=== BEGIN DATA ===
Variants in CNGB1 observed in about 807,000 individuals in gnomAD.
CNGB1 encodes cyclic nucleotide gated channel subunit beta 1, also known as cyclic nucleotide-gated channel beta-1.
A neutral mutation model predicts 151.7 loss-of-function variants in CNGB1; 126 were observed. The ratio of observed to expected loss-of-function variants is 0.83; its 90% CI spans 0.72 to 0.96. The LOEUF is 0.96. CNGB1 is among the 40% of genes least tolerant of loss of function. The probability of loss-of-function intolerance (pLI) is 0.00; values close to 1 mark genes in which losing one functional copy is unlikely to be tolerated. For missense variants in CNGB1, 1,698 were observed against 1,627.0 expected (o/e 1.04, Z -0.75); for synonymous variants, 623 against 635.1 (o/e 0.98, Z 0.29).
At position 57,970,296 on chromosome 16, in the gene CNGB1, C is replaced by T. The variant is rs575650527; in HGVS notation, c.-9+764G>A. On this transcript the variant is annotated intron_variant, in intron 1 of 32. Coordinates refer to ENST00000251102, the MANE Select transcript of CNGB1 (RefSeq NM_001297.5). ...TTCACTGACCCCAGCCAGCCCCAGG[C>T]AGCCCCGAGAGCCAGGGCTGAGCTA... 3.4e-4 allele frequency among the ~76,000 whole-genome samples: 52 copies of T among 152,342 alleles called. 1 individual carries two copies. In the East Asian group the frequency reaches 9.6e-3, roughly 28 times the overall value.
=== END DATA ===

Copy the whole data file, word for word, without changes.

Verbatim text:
Variants in CNGB1 observed in about 807,000 individuals in gnomAD.
CNGB1 encodes cyclic nucleotide gated channel subunit beta 1, also known as cyclic nucleotide-gated channel beta-1.
A neutral mutation model predicts 151.7 loss-of-function variants in CNGB1; 126 were observed. The ratio of observed to expected loss-of-function variants is 0.83; its 90% CI spans 0.72 to 0.96. The LOEUF is 0.96. CNGB1 is among the 40% of genes least tolerant of loss of function. The probability of loss-of-function intolerance (pLI) is 0.00; values close to 1 mark genes in which losing one functional copy is unlikely to be tolerated. For missense variants in CNGB1, 1,698 were observed against 1,627.0 expected (o/e 1.04, Z -0.75); for synonymous variants, 623 against 635.1 (o/e 0.98, Z 0.29).
At position 57,970,296 on chromosome 16, in the gene CNGB1, C is replaced by T. The variant is rs575650527; in HGVS notation, c.-9+764G>A. On this transcript the variant is annotated intron_variant, in intron 1 of 32. Coordinates refer to ENST00000251102, the MANE Select transcript of CNGB1 (RefSeq NM_001297.5). ...TTCACTGACCCCAGCCAGCCCCAGG[C>T]AGCCCCGAGAGCCAGGGCTGAGCTA... 3.4e-4 allele frequency among the ~76,000 whole-genome samples: 52 copies of T among 152,342 alleles called. 1 individual carries two copies. In the East Asian group the frequency reaches 9.6e-3, roughly 28 times the overall value.